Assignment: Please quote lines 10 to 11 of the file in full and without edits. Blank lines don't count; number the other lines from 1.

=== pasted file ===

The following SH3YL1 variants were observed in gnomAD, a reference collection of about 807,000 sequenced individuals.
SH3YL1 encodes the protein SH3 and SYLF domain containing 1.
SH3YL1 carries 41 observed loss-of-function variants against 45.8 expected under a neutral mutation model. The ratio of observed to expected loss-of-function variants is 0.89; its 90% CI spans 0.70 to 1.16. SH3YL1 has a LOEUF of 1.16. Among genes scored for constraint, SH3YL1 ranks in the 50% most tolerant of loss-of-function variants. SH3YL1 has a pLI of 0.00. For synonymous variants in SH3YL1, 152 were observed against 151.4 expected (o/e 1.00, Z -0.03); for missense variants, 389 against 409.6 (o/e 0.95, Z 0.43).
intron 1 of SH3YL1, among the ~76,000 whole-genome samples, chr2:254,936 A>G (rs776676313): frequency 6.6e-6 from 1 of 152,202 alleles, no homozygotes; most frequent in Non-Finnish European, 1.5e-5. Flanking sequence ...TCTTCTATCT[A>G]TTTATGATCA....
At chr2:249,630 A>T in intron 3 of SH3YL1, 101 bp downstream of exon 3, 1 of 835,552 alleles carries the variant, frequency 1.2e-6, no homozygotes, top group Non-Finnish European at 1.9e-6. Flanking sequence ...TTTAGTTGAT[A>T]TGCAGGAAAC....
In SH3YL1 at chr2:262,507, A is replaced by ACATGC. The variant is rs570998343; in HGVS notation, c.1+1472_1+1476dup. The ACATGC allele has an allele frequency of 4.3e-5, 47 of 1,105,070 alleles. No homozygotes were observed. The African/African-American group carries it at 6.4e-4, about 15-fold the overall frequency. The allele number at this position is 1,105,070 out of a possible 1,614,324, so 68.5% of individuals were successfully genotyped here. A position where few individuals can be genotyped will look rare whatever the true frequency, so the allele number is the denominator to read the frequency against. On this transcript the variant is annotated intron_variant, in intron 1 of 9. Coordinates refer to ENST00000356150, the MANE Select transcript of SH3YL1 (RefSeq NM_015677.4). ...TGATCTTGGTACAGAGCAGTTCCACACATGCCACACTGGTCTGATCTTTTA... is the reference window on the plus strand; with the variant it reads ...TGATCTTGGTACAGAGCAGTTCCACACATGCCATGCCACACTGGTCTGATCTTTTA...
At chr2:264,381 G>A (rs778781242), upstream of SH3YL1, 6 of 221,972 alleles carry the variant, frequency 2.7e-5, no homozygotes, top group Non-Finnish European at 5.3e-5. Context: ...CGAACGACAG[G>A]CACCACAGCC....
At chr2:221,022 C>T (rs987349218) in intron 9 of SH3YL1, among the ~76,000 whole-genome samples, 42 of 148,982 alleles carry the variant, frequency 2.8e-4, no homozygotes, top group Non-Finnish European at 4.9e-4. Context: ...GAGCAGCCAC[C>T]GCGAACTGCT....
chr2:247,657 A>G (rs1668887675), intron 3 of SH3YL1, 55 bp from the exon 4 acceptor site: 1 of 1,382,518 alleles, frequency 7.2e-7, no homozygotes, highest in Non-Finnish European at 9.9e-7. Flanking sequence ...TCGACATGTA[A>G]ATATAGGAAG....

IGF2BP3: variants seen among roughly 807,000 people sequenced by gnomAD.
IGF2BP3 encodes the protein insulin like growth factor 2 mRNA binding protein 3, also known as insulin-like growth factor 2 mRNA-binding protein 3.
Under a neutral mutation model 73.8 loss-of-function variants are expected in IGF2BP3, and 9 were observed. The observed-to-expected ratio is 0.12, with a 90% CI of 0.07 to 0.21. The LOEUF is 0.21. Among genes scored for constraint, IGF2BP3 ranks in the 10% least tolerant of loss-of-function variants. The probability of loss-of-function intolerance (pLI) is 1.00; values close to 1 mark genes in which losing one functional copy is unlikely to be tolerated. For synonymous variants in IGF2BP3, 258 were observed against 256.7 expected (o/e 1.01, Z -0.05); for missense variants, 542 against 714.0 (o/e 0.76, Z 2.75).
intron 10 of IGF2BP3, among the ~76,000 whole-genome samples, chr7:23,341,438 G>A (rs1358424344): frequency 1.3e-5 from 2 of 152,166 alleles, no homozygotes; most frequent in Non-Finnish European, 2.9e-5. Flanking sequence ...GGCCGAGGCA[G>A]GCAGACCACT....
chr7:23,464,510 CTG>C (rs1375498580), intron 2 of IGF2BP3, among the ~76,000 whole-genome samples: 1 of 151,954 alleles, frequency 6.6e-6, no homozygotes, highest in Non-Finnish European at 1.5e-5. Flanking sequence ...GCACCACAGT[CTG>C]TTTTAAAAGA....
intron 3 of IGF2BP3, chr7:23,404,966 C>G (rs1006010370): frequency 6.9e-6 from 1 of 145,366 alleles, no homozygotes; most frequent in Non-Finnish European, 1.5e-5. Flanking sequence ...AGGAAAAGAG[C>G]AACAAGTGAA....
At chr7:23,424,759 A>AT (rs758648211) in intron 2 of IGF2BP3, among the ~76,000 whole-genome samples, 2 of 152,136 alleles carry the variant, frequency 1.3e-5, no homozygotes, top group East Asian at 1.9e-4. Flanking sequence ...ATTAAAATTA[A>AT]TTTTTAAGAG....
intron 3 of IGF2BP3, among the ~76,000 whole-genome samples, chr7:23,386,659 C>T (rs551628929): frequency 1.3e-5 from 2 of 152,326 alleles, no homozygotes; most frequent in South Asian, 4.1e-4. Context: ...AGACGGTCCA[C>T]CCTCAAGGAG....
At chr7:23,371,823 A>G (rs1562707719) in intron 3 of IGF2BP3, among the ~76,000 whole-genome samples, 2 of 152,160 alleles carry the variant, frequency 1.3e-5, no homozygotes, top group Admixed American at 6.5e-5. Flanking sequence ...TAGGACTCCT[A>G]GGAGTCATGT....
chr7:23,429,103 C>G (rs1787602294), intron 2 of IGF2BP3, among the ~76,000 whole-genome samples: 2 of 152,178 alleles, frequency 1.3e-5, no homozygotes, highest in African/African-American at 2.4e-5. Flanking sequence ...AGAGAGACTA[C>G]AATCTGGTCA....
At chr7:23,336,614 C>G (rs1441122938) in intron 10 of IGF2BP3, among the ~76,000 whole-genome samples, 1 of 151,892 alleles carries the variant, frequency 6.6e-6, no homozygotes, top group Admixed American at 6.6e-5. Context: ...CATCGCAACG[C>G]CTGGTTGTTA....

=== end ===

IGF2BP3: variants seen among roughly 807,000 people sequenced by gnomAD.
IGF2BP3 encodes the protein insulin like growth factor 2 mRNA binding protein 3, also known as insulin-like growth factor 2 mRNA-binding protein 3.